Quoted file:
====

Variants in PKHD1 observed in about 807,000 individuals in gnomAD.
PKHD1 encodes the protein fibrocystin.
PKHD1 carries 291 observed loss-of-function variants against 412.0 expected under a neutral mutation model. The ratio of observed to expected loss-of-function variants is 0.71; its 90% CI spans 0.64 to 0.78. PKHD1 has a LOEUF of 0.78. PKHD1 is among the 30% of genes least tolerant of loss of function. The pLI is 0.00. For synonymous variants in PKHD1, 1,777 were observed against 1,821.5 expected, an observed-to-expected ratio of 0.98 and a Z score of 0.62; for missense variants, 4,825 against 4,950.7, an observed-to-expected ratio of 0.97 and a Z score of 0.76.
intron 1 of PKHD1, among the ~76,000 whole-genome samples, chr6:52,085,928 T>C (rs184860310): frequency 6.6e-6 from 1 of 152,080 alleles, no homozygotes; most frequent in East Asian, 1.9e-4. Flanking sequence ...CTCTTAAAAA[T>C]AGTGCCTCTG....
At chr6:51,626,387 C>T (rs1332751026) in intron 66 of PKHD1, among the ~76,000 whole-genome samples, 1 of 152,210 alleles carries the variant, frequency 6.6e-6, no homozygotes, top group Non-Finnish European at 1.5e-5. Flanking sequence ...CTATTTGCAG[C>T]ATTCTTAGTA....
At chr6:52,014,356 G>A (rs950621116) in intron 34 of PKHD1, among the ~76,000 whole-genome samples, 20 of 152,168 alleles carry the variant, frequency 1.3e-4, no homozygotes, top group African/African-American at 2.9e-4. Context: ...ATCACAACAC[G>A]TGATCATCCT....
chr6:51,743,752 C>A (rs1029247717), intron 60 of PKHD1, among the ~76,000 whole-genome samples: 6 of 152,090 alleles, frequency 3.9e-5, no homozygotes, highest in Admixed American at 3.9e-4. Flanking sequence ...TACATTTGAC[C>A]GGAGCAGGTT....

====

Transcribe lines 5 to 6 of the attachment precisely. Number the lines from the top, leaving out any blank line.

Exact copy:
At chr6:51,626,387 C>T (rs1332751026) in intron 66 of PKHD1, among the ~76,000 whole-genome samples, 1 of 152,210 alleles carries the variant, frequency 6.6e-6, no homozygotes, top group Non-Finnish European at 1.5e-5. Flanking sequence ...CTATTTGCAG[C>T]ATTCTTAGTA....
At chr6:52,014,356 G>A (rs950621116) in intron 34 of PKHD1, among the ~76,000 whole-genome samples, 20 of 152,168 alleles carry the variant, frequency 1.3e-4, no homozygotes, top group African/African-American at 2.9e-4. Context: ...ATCACAACAC[G>A]TGATCATCCT....